The Unread Book Project: It Took 20 Inches of Snow

20 inches of snow, oh my!

Things Fall Apart has lived in my bookshelves since the mid-eighties, when I was a student at the University of Massachusetts, and [Chinua] Achebe was a visiting lecturer.…Today, I have more than 300 books sitting on my bookshelves…”

So began The Unread Book Project.

“Beginning today, Monday, November 22, 2010,” I wrote, “I will start to read all of the unread books on my bookshelves.”

“My goal will be to tackle one unread book a week,” I proclaimed.

Like a heartfelt New Year’s resolution, I was determined to see it through. I thought I was ready.

Truth be told, The Unread Book Project had been sitting around for several months before I posted the grand intention on my blog. A great idea in concept, in practice it was a little harder.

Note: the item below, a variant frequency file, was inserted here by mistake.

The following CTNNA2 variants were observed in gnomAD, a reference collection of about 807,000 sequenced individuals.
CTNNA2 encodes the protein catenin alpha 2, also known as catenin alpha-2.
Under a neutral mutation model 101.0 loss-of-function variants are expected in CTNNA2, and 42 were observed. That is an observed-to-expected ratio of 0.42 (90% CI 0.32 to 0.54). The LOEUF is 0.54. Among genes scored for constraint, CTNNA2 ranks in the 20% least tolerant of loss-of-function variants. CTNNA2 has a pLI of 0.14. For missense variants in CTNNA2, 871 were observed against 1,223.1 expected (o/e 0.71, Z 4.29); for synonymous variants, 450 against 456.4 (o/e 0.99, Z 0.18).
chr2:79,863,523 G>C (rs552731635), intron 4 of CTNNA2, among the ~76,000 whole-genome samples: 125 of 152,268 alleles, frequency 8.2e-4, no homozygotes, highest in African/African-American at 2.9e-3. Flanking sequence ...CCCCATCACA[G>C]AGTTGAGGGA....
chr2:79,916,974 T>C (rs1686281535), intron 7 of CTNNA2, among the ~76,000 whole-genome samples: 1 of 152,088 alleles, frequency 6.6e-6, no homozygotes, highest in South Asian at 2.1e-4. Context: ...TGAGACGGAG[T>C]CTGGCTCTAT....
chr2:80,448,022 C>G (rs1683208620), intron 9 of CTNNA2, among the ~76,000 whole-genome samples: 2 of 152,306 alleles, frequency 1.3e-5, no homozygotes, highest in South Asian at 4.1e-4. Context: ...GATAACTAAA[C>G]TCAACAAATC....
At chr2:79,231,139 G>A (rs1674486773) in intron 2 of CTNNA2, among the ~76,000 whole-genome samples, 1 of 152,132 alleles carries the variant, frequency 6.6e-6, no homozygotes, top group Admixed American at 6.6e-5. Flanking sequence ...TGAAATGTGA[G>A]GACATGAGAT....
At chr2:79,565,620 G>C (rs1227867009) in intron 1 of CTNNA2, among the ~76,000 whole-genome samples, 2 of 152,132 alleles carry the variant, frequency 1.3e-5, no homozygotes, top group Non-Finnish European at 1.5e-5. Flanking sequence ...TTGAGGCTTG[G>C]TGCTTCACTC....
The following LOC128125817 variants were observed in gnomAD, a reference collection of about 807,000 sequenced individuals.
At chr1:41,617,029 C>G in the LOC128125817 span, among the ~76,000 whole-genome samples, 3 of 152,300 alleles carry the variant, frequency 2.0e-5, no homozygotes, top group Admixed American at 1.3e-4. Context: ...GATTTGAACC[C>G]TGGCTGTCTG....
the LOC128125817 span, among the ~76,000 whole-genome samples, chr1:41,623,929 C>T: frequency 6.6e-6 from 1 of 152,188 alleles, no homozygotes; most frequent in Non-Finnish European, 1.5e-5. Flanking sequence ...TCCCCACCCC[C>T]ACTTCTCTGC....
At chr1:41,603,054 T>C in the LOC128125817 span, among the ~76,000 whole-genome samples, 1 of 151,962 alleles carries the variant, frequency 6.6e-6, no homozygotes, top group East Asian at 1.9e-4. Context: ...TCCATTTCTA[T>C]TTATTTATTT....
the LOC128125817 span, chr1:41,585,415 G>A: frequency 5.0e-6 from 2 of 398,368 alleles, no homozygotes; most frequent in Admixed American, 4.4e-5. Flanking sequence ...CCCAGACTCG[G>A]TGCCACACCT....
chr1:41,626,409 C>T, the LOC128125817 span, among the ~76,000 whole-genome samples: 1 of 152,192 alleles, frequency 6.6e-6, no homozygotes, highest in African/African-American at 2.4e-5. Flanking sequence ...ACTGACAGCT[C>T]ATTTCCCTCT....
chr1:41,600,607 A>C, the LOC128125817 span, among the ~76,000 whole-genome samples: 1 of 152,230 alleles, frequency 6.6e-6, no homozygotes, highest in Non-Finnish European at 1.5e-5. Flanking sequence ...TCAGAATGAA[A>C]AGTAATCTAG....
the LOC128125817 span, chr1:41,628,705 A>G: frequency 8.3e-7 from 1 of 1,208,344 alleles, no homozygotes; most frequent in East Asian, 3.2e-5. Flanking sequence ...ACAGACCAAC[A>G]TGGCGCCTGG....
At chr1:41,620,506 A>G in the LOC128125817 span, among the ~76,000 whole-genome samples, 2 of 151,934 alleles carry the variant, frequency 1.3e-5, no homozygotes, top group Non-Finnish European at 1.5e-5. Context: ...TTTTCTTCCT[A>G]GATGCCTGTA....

It took a classic New England snowstorm and 20 inches of snow in my driveway to get me to sit down, sit still, and start reading.

My copy of Things Fall Apart is only 192 pages long, but it’s taken me four days to finish it. I had all sorts of excuses—there are so many African words in it, the type is too small, it’s not my kind of book. But, the real reason is that my reading brain is a little mushy these days.

I can feel it. As I sit there reading, it wants to do something else. It wants to look around, or flip through something, or change the subject. It’s like asking a child to sit still in a waiting room, and as painful as trying to meditate!

It’s my own fault—and my mother’s. She’s the one who used to sit me in my baby swing with a cookie to watch Mr. Rogers on television while she went off to do the laundry. I haven’t turned the TV off since. And its 13-minute commercial cycle is now my attention span. You can clock it.